When you have 12 minutes to spare, listen to Tony Hiss talk about his new book on this excellent episode of Living On Earth, and if you decide to buy the book and want to avoid Amazon click the image of the book below:
Climate change is placing stress on plants and animals to rapidly adapt but without intact habitat, that could become impossible for many. Tony Hiss is an award-winning author and joins Host Bobby Bascomb to talk about his book Rescuing the Planet: Protecting Half the Land to Heal the Earth, which looks at several places across North America where communities are already working to protect habitat and biodiversity.
BASCOMB: It’s Living on Earth, I’m Bobby Bascomb.
During his first few days in office President Biden announced the goal of protecting 30 percent of US land and water by the year 2030 with a long term goal of 50 percent by 2050. Continue reading
Thanks to the BBC for this article about the Germanic tradition of waldeinsamkeit:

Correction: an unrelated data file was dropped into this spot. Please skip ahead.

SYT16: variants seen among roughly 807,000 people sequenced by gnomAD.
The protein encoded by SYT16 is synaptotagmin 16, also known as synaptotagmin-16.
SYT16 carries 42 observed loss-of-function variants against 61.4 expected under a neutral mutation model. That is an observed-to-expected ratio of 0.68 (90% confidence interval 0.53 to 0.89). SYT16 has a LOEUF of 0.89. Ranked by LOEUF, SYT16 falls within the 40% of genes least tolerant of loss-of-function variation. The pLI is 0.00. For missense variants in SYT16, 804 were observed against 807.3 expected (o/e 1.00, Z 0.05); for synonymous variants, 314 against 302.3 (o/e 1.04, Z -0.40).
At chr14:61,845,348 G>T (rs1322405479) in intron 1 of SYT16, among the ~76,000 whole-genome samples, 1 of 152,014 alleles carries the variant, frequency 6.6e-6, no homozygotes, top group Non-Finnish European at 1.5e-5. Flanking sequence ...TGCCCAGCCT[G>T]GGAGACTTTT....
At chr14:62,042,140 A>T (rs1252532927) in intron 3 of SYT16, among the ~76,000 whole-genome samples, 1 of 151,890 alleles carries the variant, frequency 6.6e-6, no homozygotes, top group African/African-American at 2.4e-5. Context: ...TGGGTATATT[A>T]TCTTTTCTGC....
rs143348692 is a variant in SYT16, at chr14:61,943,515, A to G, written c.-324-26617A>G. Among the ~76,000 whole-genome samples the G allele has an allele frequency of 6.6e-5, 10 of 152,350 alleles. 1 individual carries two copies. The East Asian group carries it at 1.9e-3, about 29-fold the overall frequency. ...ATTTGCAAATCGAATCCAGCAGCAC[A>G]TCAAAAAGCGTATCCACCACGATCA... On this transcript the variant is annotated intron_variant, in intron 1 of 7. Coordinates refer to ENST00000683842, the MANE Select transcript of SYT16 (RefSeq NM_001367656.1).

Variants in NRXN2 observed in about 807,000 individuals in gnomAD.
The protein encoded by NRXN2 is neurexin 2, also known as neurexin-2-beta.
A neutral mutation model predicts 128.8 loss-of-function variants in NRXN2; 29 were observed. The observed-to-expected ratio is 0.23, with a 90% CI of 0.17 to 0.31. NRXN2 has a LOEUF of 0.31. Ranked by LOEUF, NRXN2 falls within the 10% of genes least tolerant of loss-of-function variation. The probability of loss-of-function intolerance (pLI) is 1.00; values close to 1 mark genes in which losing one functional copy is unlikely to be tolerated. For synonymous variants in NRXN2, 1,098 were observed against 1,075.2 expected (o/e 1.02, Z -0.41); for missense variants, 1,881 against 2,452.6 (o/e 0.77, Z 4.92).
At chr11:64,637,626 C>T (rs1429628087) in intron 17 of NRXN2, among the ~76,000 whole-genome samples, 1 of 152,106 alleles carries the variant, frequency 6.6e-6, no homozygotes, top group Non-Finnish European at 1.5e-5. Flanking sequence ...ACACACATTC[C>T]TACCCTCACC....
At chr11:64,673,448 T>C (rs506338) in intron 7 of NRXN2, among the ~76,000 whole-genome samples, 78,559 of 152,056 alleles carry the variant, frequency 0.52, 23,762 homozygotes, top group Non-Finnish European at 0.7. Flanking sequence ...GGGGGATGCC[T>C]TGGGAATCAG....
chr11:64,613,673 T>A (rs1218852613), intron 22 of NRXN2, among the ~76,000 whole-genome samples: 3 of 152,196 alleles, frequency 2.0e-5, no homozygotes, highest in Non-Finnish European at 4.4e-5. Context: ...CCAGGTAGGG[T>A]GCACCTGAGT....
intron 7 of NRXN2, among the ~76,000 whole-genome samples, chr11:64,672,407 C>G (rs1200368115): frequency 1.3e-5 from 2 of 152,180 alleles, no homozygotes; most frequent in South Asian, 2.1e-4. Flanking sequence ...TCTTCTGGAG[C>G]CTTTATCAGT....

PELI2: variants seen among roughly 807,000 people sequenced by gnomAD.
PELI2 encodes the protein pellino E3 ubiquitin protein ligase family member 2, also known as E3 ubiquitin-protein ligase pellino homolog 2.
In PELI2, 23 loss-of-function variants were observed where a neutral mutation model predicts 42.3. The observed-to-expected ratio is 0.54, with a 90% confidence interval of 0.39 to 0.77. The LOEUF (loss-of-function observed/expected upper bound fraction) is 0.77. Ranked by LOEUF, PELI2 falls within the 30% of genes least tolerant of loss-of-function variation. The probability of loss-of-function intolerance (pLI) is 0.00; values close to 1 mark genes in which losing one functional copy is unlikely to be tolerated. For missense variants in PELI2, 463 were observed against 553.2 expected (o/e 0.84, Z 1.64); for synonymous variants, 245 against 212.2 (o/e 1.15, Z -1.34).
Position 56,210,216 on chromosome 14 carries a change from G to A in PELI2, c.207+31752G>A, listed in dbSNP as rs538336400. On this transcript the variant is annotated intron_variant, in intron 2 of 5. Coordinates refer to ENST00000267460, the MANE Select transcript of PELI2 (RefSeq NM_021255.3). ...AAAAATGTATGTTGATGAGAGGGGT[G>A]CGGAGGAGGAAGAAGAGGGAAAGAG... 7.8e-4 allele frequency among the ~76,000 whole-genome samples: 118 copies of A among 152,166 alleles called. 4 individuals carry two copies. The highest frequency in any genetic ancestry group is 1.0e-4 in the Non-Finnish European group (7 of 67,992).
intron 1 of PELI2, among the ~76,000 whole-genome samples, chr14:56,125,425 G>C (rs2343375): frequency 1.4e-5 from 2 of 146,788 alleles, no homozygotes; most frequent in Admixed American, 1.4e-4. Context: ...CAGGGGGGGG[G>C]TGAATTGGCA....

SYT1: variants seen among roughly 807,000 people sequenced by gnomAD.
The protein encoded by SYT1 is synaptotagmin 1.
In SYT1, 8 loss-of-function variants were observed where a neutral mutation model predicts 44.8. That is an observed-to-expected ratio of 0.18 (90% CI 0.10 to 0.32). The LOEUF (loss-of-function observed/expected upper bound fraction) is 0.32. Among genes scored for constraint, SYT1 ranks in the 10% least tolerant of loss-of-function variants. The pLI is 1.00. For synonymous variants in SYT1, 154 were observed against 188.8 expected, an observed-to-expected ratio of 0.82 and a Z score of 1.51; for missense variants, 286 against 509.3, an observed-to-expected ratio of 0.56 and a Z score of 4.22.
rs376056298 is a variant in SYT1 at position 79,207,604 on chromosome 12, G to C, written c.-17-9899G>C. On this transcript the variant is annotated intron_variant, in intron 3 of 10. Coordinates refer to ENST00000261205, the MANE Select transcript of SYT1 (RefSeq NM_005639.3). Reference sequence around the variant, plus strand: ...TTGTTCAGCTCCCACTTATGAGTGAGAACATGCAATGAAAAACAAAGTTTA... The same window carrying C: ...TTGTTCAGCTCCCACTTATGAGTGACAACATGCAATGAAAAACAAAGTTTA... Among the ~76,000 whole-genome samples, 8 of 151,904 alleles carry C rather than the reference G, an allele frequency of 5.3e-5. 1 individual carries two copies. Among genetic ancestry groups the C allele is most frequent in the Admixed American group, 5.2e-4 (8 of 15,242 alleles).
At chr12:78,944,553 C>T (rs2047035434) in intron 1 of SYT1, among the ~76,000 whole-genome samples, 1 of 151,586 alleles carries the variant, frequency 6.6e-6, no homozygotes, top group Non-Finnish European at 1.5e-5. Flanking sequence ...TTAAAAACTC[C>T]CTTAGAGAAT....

Everybody is at it in Germany. They’re doing it in the trees in the Black Forest. Out in the magical Harz Mountains. In the national parks of Bavaria when silhouetted in the moonlight. And in the city centre woodlands of Berlin and Munich. Continue reading
On a topic we have posted about at least a few times before, here is the latest science on the ways in which trees communicate among themselves, and with others, accompanied by some phenomenally beautiful supporting photographs (especially the fungi):
Trees appear to communicate and cooperate through subterranean networks of fungi. What are they sharing with one another?